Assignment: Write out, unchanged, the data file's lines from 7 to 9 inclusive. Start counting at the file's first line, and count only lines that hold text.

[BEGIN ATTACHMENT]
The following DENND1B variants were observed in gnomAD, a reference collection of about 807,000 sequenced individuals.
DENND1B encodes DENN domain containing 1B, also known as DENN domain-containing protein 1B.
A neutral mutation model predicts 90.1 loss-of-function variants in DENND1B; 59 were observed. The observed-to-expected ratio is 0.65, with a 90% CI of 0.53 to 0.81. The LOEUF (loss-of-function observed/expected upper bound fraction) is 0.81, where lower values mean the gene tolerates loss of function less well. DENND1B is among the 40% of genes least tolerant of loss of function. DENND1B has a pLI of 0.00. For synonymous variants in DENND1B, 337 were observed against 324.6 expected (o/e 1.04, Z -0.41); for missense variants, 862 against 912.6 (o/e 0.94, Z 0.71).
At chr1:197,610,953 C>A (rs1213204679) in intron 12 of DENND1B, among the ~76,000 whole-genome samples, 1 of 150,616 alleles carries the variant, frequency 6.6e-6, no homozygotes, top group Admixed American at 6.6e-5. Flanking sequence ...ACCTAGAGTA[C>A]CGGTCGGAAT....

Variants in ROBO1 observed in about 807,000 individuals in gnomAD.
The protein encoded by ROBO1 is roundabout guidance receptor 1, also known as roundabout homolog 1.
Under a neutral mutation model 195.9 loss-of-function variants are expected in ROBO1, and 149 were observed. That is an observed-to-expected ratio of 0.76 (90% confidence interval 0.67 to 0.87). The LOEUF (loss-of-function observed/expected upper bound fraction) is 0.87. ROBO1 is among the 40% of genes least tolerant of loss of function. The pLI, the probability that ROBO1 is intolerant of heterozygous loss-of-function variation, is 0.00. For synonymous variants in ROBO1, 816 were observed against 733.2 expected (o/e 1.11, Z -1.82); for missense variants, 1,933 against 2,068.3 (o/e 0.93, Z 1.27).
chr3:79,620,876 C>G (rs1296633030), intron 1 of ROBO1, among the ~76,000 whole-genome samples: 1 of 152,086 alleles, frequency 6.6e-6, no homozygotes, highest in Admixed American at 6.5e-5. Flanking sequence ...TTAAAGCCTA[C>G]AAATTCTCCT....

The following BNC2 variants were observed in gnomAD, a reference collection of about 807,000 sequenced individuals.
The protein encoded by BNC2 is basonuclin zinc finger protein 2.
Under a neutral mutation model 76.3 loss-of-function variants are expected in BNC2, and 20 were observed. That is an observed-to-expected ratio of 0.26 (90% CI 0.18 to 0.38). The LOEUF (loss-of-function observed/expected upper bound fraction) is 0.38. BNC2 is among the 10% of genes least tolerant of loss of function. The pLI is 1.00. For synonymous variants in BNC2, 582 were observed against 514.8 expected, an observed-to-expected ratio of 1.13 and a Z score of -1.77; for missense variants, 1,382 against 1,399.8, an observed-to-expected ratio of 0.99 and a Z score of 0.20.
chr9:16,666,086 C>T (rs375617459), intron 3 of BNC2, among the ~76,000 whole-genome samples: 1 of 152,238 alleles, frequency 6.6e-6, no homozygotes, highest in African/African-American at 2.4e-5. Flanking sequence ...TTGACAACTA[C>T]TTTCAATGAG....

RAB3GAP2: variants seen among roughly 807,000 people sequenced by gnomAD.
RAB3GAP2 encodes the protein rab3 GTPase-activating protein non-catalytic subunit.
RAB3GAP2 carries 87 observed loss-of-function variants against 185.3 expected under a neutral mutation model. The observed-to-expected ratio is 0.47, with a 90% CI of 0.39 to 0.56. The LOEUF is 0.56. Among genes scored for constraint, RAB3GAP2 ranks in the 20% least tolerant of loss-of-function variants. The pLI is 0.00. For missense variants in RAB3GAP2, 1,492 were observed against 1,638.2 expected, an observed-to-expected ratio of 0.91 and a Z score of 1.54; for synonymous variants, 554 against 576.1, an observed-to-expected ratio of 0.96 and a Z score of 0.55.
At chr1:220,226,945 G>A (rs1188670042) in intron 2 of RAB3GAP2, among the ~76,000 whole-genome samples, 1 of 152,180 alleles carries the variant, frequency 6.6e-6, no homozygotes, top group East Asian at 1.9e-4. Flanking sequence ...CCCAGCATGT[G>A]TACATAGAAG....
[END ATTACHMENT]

Under a neutral mutation model 195.9 loss-of-function variants are expected in ROBO1, and 149 were observed. That is an observed-to-expected ratio of 0.76 (90% confidence interval 0.67 to 0.87). The LOEUF (loss-of-function observed/expected upper bound fraction) is 0.87. ROBO1 is among the 40% of genes least tolerant of loss of function. The pLI, the probability that ROBO1 is intolerant of heterozygous loss-of-function variation, is 0.00. For synonymous variants in ROBO1, 816 were observed against 733.2 expected (o/e 1.11, Z -1.82); for missense variants, 1,933 against 2,068.3 (o/e 0.93, Z 1.27).
chr3:79,620,876 C>G (rs1296633030), intron 1 of ROBO1, among the ~76,000 whole-genome samples: 1 of 152,086 alleles, frequency 6.6e-6, no homozygotes, highest in Admixed American at 6.5e-5. Flanking sequence ...TTAAAGCCTA[C>G]AAATTCTCCT....

The following BNC2 variants were observed in gnomAD, a reference collection of about 807,000 sequenced individuals.